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[Editorial] Diverging Opinions of the President and Lawmakers over the Coalition

[Editorial] Diverging Opinions of the President and Lawmakers over the Coalition

Posted August. 31, 2005 06:49,   


The ruling Uri Party representatives decided yesterday to focus on improving the people’s quality of life, instead of refraining from discussions over the coalition that President Roh Moo-hyun has proposed. Concluding a two-day workshop held in Tongyeong, Gyeongnam Province, the representatives stated, “Economic revitalization and resolution of bipolarization are the top priorities for the participatory government in the second half of this year.” With regards to a coalition government, they agreed to push ahead with the revision of politics-related laws, including rearrangement of the electorate system, to address the regional structure. That coincides with the direction that this newspaper has repeatedly presented.

Uri Party Chairman Moon Hee-sang said in his wrap-up remarks, “Given that the discussion on the coalition has already started, we cannot avoid discussing it even if we would rather not talk about it,” which seemed like a face-saving effort for President Roh. However, a majority of the representatives reportedly poured out criticisms in the discussion over the timing and appropriateness of the coalition proposal. Some even said, “Is the Uri Party the president’s private political party?” pointing out that coalition proposal was the president’s unilateral idea.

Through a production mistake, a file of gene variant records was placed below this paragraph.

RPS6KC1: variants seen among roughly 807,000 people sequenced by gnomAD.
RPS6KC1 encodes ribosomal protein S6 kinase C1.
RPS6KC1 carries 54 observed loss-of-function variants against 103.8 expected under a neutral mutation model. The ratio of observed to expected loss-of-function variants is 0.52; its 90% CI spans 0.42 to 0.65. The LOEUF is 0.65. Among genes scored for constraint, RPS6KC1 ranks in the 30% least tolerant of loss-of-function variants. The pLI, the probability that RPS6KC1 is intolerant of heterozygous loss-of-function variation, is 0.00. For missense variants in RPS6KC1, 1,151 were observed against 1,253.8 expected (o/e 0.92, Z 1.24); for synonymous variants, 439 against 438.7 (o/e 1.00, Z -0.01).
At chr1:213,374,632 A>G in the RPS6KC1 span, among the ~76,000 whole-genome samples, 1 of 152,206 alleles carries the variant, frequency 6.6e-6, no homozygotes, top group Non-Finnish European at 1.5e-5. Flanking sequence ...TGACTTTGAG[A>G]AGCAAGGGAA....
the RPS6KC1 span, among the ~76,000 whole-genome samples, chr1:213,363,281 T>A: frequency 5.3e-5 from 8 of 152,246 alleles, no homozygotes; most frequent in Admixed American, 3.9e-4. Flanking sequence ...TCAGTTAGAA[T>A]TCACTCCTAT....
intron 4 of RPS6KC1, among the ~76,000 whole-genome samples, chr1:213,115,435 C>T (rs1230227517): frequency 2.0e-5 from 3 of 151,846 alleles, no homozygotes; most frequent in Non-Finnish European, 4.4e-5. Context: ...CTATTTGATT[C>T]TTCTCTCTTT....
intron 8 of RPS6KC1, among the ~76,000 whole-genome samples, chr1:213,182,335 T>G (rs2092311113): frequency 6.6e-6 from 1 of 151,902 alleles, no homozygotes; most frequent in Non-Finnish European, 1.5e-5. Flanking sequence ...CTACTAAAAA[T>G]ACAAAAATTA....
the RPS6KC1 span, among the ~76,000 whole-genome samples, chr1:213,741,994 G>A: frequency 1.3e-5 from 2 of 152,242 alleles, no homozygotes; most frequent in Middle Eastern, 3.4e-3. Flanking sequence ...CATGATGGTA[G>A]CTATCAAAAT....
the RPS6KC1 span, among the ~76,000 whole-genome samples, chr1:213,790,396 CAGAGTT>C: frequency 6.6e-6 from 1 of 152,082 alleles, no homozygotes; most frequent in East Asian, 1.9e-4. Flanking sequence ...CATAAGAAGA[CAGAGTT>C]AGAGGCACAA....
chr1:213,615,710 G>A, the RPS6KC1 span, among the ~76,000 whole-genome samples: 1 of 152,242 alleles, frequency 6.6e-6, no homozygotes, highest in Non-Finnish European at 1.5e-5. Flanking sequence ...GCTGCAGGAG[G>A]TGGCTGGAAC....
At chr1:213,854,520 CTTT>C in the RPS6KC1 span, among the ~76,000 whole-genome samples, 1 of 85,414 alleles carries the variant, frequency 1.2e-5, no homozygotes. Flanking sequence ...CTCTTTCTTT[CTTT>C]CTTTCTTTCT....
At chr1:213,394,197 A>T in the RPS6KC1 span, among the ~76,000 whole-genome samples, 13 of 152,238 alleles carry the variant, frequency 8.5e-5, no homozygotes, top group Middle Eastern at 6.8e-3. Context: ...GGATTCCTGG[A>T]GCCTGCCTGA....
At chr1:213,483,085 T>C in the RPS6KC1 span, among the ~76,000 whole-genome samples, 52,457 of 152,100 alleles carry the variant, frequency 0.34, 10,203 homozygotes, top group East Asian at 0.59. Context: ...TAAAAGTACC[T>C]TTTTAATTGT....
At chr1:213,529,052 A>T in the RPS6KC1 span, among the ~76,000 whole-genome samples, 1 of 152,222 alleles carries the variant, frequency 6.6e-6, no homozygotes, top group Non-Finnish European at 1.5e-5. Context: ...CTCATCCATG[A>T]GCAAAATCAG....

The criticisms confirmed that representatives who have their constituencies and listen to the public are closer to the public opinion than is Cheong Wa Dae, which is “detached from the public opinion.” The coalition which the president proposed, although the ruling party has nearly secured the majority of seats in the National Assembly, goes against the principle of “separation of the government and the ruling party.” Moreover, President Roh turned a blind eye to “responsible party politics” by repeatedly pressuring about a coalition through a letter to the public despite opposition from the Grand National Party.

Uri Party representatives reportedly renewed their determination to learn about Admiral Yi Sun-shin’s leadership and practicality which led to a victory in a harsh battle with a mere 12 ships, visiting the place where the admiral served. To serve the purpose of their determination, it is more appropriate for the lawmakers to listen to public opinion and offer honest advice to the president, rather than being swayed by every remark from the president.

It is time for President Roh to accept “sincerity” of the representatives and stay away from obsession with coalition, and instead “go all-in for the economy” as he promised early this year.